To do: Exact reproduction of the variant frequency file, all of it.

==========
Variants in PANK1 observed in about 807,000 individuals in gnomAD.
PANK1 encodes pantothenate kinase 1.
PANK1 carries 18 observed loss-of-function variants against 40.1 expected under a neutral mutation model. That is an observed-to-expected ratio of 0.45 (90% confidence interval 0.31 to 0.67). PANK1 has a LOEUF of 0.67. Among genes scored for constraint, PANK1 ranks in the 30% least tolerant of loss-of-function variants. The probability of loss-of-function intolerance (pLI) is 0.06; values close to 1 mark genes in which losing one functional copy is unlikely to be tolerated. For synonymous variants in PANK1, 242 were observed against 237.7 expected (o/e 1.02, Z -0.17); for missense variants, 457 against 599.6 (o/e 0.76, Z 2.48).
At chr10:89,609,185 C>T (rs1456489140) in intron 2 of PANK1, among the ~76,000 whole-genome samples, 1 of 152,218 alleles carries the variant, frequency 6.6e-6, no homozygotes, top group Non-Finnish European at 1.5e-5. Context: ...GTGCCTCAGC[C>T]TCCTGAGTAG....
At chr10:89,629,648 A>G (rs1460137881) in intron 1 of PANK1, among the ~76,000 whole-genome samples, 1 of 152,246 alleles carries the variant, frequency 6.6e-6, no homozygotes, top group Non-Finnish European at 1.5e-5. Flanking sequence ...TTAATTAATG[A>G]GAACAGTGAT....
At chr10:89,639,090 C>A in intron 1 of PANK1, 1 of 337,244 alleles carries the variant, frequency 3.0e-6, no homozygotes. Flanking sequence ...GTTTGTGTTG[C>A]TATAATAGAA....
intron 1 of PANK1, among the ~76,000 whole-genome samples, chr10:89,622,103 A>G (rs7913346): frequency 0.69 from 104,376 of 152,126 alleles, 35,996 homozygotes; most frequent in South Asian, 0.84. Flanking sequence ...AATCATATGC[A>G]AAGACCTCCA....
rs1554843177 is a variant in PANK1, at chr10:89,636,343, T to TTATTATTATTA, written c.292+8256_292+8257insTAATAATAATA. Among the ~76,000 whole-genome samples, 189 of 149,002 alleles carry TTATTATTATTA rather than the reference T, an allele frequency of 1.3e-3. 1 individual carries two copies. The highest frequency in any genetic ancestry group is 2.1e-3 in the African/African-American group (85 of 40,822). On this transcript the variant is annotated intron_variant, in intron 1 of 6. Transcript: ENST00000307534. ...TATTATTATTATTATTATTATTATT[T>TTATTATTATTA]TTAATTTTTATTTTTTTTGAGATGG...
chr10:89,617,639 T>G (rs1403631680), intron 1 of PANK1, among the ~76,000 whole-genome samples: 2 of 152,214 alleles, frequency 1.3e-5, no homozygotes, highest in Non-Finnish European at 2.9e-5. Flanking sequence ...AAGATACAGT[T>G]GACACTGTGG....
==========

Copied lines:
Variants in PANK1 observed in about 807,000 individuals in gnomAD.
PANK1 encodes pantothenate kinase 1.
PANK1 carries 18 observed loss-of-function variants against 40.1 expected under a neutral mutation model. That is an observed-to-expected ratio of 0.45 (90% confidence interval 0.31 to 0.67). PANK1 has a LOEUF of 0.67. Among genes scored for constraint, PANK1 ranks in the 30% least tolerant of loss-of-function variants. The probability of loss-of-function intolerance (pLI) is 0.06; values close to 1 mark genes in which losing one functional copy is unlikely to be tolerated. For synonymous variants in PANK1, 242 were observed against 237.7 expected (o/e 1.02, Z -0.17); for missense variants, 457 against 599.6 (o/e 0.76, Z 2.48).
At chr10:89,609,185 C>T (rs1456489140) in intron 2 of PANK1, among the ~76,000 whole-genome samples, 1 of 152,218 alleles carries the variant, frequency 6.6e-6, no homozygotes, top group Non-Finnish European at 1.5e-5. Context: ...GTGCCTCAGC[C>T]TCCTGAGTAG....
At chr10:89,629,648 A>G (rs1460137881) in intron 1 of PANK1, among the ~76,000 whole-genome samples, 1 of 152,246 alleles carries the variant, frequency 6.6e-6, no homozygotes, top group Non-Finnish European at 1.5e-5. Flanking sequence ...TTAATTAATG[A>G]GAACAGTGAT....
At chr10:89,639,090 C>A in intron 1 of PANK1, 1 of 337,244 alleles carries the variant, frequency 3.0e-6, no homozygotes. Flanking sequence ...GTTTGTGTTG[C>A]TATAATAGAA....
intron 1 of PANK1, among the ~76,000 whole-genome samples, chr10:89,622,103 A>G (rs7913346): frequency 0.69 from 104,376 of 152,126 alleles, 35,996 homozygotes; most frequent in South Asian, 0.84. Flanking sequence ...AATCATATGC[A>G]AAGACCTCCA....
rs1554843177 is a variant in PANK1, at chr10:89,636,343, T to TTATTATTATTA, written c.292+8256_292+8257insTAATAATAATA. Among the ~76,000 whole-genome samples, 189 of 149,002 alleles carry TTATTATTATTA rather than the reference T, an allele frequency of 1.3e-3. 1 individual carries two copies. The highest frequency in any genetic ancestry group is 2.1e-3 in the African/African-American group (85 of 40,822). On this transcript the variant is annotated intron_variant, in intron 1 of 6. Transcript: ENST00000307534. ...TATTATTATTATTATTATTATTATT[T>TTATTATTATTA]TTAATTTTTATTTTTTTTGAGATGG...
chr10:89,617,639 T>G (rs1403631680), intron 1 of PANK1, among the ~76,000 whole-genome samples: 2 of 152,214 alleles, frequency 1.3e-5, no homozygotes, highest in Non-Finnish European at 2.9e-5. Flanking sequence ...AAGATACAGT[T>G]GACACTGTGG....